The seven main things that are wrong with football in England

By Tony Attwood

The ability of English commentators on football, be they professional or amateur, to kid themselves about what is happening around them, is overwhelming.  For it is not just one thing that is seriously wrong with professional football in England, but a whole raft of issues.  And yet they miss the lot!

So while waiting for the important match of the weekend to begin, (Arsenal v Tottenham – around 50,000 expected in the ground and it is live on BBC1 in the UK) I thought I might try and make a list of some of the main things that seem to me to be important in football and which journalists just cannot bring themselves even to contemplate, let alone debate.

1.  The England’s men team is not worthy of our support

Arsene Wenger’s adage that international managers are like joy riding car thieves who take your precious vehicle, run it into the ground, return it to you wrecked and then demand that you repair it at your expense so they can repeat the trick in a couple of months, is as significant today as it was when he said it in 2006.  Probably more so.

In fact, on hearing that the England team has just been relegated to division 2 of the Nations League, I hoped for one moment that it might mean that from now on international managers would only be able to select players from the Championship, but apparently not.  The car thieves are still out there.

And no matter how good the Premier League, England lose or draw.  Five in a row apparently.  It would have been six, but that game was against Ivory Coast and England managed to beat them.  No wonder most of Arsenal’s players don’t play for England, although it would be rather nice if they also didn’t go out and play for whichever country they identify with.

Except Norway of course: the one country where, from the off, footballers have stood up and called Qatar exactly what it is.  An exploitative undemocratic state based on slavery.  You can see why the FA has taken so long to disown it.  It must be just their cup of tea.

2.  Referees

OK, just in case you missed it, here are just a few articles from the many here, most of which include statistics to back up their claims to show that refereeing in the PL is incompetent, seemingly biased and possibly corrupt.

3.  Uefa and Fifa are both ok

Talk about wholesale corruption of football; just pick one of these or any other article on this site about Uefa and Fifa.

4.  The creation of the super league was a little uprising by some greedy owners and has been put down once and for all by the power of the fans for the good of football.

It wasn’t.  SuperLeague was a move against the increasingly appalling Uefa-PSG axis that is running football in Europe, by clubs that wanted to get control of the game back in their own hands.  (Which is why PSG were never invited to the show).  Sadly the media fell for the Uefa-PSG propaganda on the story, and it is only in the last couple of weeks that newspapers have even started to contemplate that Uefa is the bad guy in this equation.  And they still haven’t got hold of the notion that the owners of PSG who control a lot of international broadcasting, and who were absolutely not invited to the show by the Super League clubs, are the real crooks in all this.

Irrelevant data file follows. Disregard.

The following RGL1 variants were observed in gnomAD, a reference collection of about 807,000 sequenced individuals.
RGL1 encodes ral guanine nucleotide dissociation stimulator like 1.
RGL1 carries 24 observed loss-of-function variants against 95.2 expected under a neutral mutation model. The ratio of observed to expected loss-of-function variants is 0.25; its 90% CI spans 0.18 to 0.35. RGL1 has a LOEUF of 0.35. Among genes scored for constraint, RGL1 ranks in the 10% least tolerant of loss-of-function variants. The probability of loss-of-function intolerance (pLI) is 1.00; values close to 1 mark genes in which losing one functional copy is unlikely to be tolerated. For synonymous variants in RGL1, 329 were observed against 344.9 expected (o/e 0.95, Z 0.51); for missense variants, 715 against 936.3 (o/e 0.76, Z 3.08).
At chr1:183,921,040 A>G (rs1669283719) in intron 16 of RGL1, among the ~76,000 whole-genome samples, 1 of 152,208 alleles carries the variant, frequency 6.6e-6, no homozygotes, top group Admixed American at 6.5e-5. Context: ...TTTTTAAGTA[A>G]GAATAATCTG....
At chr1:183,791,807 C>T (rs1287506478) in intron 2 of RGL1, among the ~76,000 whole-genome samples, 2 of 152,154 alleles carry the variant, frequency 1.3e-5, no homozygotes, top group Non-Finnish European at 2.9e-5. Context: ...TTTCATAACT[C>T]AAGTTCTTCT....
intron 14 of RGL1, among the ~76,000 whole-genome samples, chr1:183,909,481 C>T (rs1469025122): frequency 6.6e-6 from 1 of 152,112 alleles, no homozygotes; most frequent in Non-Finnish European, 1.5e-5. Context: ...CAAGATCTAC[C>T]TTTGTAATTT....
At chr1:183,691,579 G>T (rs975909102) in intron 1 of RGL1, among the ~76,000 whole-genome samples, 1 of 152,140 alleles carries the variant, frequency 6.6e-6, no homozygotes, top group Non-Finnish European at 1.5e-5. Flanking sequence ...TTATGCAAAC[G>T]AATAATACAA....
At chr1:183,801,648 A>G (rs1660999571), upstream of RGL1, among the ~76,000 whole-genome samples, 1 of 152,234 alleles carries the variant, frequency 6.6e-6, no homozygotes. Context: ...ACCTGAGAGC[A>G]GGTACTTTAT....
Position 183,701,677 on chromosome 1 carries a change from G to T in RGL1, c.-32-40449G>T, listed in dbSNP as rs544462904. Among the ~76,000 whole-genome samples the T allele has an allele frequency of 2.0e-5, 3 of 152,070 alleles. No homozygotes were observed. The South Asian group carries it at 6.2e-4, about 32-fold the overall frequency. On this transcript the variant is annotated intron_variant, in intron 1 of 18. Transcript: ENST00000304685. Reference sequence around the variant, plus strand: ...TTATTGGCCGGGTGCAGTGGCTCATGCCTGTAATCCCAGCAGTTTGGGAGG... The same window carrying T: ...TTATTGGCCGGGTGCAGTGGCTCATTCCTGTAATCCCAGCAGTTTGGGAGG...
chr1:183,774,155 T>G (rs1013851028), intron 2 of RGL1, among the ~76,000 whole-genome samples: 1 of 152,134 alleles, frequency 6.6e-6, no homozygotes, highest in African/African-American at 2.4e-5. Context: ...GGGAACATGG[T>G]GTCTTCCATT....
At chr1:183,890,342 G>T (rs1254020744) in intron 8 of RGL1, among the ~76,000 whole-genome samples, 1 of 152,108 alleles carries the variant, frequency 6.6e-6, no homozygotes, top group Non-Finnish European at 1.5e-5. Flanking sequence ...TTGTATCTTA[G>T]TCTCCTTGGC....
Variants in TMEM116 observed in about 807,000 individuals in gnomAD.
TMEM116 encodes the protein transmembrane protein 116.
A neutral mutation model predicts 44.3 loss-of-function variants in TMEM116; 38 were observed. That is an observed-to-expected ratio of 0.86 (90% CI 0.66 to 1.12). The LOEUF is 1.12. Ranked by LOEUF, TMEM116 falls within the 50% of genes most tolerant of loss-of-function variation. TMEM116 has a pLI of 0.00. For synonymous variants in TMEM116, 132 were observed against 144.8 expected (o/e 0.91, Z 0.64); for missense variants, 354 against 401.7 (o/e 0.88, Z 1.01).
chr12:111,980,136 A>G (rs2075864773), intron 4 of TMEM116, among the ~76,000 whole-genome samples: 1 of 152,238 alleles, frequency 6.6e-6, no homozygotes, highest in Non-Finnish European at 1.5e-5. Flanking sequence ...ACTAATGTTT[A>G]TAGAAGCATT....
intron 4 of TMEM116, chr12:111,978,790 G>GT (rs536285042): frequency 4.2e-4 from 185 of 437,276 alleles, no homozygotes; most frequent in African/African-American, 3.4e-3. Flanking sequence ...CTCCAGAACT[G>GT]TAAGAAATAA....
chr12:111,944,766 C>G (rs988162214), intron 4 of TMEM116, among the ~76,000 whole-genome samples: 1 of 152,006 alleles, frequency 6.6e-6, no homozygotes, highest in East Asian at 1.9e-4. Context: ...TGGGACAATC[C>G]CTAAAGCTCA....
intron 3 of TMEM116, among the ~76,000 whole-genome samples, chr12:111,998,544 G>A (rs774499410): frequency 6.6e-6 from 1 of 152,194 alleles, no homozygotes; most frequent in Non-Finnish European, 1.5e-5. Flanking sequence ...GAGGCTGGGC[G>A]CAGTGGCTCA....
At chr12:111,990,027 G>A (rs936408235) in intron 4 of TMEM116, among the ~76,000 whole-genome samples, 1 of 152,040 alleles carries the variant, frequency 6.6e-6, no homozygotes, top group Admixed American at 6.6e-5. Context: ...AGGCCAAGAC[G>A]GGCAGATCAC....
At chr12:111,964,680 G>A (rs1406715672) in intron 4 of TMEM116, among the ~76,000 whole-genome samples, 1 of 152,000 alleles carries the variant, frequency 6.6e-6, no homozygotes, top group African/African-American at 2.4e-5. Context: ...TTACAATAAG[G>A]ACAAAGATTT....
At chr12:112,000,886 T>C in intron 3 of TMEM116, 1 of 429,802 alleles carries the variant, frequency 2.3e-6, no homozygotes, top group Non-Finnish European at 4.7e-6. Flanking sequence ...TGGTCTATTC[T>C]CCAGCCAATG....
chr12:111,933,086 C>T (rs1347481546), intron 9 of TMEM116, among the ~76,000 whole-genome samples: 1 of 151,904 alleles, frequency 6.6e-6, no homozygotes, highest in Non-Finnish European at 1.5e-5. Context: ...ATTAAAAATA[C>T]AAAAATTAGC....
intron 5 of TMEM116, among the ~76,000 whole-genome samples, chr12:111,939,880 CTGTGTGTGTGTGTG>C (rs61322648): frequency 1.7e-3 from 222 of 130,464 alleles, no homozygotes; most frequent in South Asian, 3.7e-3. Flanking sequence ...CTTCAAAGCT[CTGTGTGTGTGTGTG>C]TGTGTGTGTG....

5.  That England is one of the best teams in international football

For a national side that hardly ever wins anything, this has always been arrant nonsense, but the media keep on chugging along with the story, just in the hope that maybe one day it might be true.  It won the World Cup when playing all its matches at Wembley Stadium.  Other than that… nothing.

6.  That the FA knows what it is doing.

That is true of course, it does know what it is doing.  But unfortunately what it is doing is all wrong.  It refused for years to act on child sex abuse in football, never admitted responsibility (although it was responsible for overseeing the well-being of children recruited by clubs), it destroyed women’s football by forbidding the use of grounds men played on, and is permanently in debt.  It was even sued by the Charity Commission for failing to keep proper records, and by implication, not using money raised by the Charity Shield competition for charitable causes.  Any other organisation would have been wound up.  Somehow it survives.

7.  Finances

The FA is itself in debt but it is hard to find out by how much.  Although we do know that it is still two years or more away from paying from Wembley stadium which was finished in 2007 and was shown to be unfit for purpose at the European Championship final in which some fans trashed the stadium and by-passed all the security (which the FA was responsible for).  That showed clearly that it is not and has never been fit for purpose.

The FA doesn’t publish its accounts for us to inspect, but we do know that FA had total liabilities of £556 million at 31 July 2020,and had run up an overdraft on its current account of £250m. It has refused to give any further information on its money since.

I could go on, but would like a spot of lunch before the football starts, so I’ll leave it at seven.  Let’s hope for a great game.


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